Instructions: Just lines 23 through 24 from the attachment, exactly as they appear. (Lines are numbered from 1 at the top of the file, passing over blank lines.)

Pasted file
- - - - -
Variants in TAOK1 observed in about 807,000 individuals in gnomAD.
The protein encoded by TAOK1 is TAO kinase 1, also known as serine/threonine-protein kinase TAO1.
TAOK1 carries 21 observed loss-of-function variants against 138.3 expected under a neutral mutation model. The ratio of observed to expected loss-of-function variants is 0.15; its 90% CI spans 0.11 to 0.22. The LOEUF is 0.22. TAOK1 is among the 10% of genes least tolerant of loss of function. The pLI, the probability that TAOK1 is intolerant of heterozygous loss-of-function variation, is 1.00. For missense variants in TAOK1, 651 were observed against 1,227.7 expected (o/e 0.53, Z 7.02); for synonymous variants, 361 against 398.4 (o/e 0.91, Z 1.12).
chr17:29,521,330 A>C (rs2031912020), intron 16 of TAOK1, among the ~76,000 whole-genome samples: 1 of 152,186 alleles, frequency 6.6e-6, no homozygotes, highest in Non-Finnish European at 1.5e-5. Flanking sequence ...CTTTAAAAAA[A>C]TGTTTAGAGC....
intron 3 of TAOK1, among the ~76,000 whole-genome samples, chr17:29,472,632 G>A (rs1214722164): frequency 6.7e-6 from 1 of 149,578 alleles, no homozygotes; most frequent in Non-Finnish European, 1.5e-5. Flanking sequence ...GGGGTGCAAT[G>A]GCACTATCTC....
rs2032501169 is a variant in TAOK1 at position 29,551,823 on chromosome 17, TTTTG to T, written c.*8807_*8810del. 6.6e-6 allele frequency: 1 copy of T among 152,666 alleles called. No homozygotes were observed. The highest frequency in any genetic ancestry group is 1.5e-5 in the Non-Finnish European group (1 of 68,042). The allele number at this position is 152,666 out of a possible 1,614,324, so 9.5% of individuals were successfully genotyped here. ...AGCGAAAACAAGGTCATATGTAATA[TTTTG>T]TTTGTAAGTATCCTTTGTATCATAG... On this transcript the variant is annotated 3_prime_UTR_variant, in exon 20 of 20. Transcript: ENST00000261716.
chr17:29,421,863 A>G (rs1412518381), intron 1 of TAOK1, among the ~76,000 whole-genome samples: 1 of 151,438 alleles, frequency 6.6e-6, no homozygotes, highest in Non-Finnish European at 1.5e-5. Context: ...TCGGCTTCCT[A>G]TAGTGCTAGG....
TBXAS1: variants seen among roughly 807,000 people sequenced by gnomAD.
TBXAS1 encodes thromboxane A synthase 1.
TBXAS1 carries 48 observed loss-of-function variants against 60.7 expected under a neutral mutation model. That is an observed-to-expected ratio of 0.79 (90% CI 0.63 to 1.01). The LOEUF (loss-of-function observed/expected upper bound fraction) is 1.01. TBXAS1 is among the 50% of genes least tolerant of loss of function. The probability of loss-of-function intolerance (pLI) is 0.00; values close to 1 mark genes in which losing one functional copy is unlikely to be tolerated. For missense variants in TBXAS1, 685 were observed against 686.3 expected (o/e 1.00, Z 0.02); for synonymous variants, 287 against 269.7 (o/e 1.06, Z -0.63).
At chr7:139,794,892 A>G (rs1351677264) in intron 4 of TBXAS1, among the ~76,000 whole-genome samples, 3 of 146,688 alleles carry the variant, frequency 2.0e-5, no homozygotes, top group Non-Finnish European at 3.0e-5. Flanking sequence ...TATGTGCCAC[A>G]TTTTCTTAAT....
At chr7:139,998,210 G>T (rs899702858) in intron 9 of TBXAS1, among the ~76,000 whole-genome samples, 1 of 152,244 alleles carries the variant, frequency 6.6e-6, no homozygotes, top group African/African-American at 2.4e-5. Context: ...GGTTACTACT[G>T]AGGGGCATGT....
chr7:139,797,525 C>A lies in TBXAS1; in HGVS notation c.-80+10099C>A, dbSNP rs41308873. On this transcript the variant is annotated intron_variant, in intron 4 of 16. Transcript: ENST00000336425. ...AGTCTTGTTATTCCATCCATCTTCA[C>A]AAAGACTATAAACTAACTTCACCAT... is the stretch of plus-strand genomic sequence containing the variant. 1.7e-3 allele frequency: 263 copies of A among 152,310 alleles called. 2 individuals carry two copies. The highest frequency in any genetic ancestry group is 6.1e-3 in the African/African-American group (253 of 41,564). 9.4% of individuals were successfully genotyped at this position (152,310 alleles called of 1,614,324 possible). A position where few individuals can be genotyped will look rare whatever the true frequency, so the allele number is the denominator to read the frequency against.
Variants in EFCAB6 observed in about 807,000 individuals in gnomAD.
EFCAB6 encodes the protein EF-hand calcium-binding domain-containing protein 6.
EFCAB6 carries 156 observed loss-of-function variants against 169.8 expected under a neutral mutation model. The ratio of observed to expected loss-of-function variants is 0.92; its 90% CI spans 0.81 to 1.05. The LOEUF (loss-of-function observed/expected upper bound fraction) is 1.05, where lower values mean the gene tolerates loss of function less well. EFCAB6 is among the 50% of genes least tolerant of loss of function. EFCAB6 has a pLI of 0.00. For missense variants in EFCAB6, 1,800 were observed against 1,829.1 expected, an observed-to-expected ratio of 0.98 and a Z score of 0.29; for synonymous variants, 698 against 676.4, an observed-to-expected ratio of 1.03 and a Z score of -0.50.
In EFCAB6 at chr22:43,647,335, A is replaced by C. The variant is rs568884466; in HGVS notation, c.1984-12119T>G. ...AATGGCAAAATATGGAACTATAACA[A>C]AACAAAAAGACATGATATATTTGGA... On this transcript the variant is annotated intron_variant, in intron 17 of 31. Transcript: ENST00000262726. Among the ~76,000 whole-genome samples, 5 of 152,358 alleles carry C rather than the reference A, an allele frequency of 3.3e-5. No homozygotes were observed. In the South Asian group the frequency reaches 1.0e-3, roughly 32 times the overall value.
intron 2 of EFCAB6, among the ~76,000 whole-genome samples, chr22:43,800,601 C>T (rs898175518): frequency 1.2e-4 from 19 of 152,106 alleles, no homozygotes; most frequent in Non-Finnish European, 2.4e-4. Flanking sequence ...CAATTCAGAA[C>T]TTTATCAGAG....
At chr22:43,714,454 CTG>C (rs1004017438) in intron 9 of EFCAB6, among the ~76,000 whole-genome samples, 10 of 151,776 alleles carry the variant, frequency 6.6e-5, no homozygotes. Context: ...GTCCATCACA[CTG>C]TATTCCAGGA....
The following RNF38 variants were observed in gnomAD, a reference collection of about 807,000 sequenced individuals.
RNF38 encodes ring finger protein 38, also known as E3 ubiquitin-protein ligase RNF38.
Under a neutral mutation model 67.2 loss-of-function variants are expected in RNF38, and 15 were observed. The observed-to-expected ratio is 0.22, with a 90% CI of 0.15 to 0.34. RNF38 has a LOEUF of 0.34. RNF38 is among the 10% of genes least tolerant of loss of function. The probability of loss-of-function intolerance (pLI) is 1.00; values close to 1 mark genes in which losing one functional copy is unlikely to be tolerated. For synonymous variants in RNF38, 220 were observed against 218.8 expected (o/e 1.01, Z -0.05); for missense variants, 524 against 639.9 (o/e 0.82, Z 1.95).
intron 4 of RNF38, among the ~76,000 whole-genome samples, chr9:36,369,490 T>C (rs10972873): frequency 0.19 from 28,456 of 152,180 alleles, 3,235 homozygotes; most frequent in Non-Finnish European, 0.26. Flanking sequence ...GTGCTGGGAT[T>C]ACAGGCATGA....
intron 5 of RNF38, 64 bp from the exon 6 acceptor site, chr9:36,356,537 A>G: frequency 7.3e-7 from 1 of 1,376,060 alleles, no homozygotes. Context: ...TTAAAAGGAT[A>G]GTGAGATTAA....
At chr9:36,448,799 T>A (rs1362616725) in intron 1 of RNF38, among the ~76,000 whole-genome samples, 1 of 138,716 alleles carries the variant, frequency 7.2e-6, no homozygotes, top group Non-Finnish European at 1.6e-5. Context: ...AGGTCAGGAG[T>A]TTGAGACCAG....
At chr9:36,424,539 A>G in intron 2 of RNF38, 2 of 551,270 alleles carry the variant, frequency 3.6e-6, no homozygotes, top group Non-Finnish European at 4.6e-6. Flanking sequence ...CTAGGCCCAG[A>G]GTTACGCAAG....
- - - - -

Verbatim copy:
intron 4 of RNF38, among the ~76,000 whole-genome samples, chr9:36,369,490 T>C (rs10972873): frequency 0.19 from 28,456 of 152,180 alleles, 3,235 homozygotes; most frequent in Non-Finnish European, 0.26. Flanking sequence ...GTGCTGGGAT[T>C]ACAGGCATGA....
intron 5 of RNF38, 64 bp from the exon 6 acceptor site, chr9:36,356,537 A>G: frequency 7.3e-7 from 1 of 1,376,060 alleles, no homozygotes. Context: ...TTAAAAGGAT[A>G]GTGAGATTAA....